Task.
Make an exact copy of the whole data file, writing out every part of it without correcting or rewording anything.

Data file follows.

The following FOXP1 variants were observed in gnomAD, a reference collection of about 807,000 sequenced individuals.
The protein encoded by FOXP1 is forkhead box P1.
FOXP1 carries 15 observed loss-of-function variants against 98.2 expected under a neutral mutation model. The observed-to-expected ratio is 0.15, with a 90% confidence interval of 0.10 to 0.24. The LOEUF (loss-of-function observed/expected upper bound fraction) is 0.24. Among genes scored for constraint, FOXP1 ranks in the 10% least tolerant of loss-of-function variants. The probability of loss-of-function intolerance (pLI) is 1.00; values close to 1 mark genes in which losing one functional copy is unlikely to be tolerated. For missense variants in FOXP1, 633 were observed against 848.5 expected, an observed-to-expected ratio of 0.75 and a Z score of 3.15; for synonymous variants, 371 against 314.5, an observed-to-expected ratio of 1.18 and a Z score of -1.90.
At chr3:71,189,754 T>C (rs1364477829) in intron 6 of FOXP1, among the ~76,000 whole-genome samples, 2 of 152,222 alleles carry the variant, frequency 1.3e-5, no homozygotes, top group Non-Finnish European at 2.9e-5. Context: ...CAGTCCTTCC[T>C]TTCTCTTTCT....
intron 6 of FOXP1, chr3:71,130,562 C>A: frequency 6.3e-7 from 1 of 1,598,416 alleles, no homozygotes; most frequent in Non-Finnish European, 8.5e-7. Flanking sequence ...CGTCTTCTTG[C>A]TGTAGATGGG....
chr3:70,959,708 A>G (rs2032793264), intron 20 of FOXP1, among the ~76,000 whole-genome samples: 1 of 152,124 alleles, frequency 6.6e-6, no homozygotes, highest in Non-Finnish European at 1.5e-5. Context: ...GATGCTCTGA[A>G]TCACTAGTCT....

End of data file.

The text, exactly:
The following FOXP1 variants were observed in gnomAD, a reference collection of about 807,000 sequenced individuals.
The protein encoded by FOXP1 is forkhead box P1.
FOXP1 carries 15 observed loss-of-function variants against 98.2 expected under a neutral mutation model. The observed-to-expected ratio is 0.15, with a 90% confidence interval of 0.10 to 0.24. The LOEUF (loss-of-function observed/expected upper bound fraction) is 0.24. Among genes scored for constraint, FOXP1 ranks in the 10% least tolerant of loss-of-function variants. The probability of loss-of-function intolerance (pLI) is 1.00; values close to 1 mark genes in which losing one functional copy is unlikely to be tolerated. For missense variants in FOXP1, 633 were observed against 848.5 expected, an observed-to-expected ratio of 0.75 and a Z score of 3.15; for synonymous variants, 371 against 314.5, an observed-to-expected ratio of 1.18 and a Z score of -1.90.
At chr3:71,189,754 T>C (rs1364477829) in intron 6 of FOXP1, among the ~76,000 whole-genome samples, 2 of 152,222 alleles carry the variant, frequency 1.3e-5, no homozygotes, top group Non-Finnish European at 2.9e-5. Context: ...CAGTCCTTCC[T>C]TTCTCTTTCT....
intron 6 of FOXP1, chr3:71,130,562 C>A: frequency 6.3e-7 from 1 of 1,598,416 alleles, no homozygotes; most frequent in Non-Finnish European, 8.5e-7. Flanking sequence ...CGTCTTCTTG[C>A]TGTAGATGGG....
chr3:70,959,708 A>G (rs2032793264), intron 20 of FOXP1, among the ~76,000 whole-genome samples: 1 of 152,124 alleles, frequency 6.6e-6, no homozygotes, highest in Non-Finnish European at 1.5e-5. Context: ...GATGCTCTGA[A>G]TCACTAGTCT....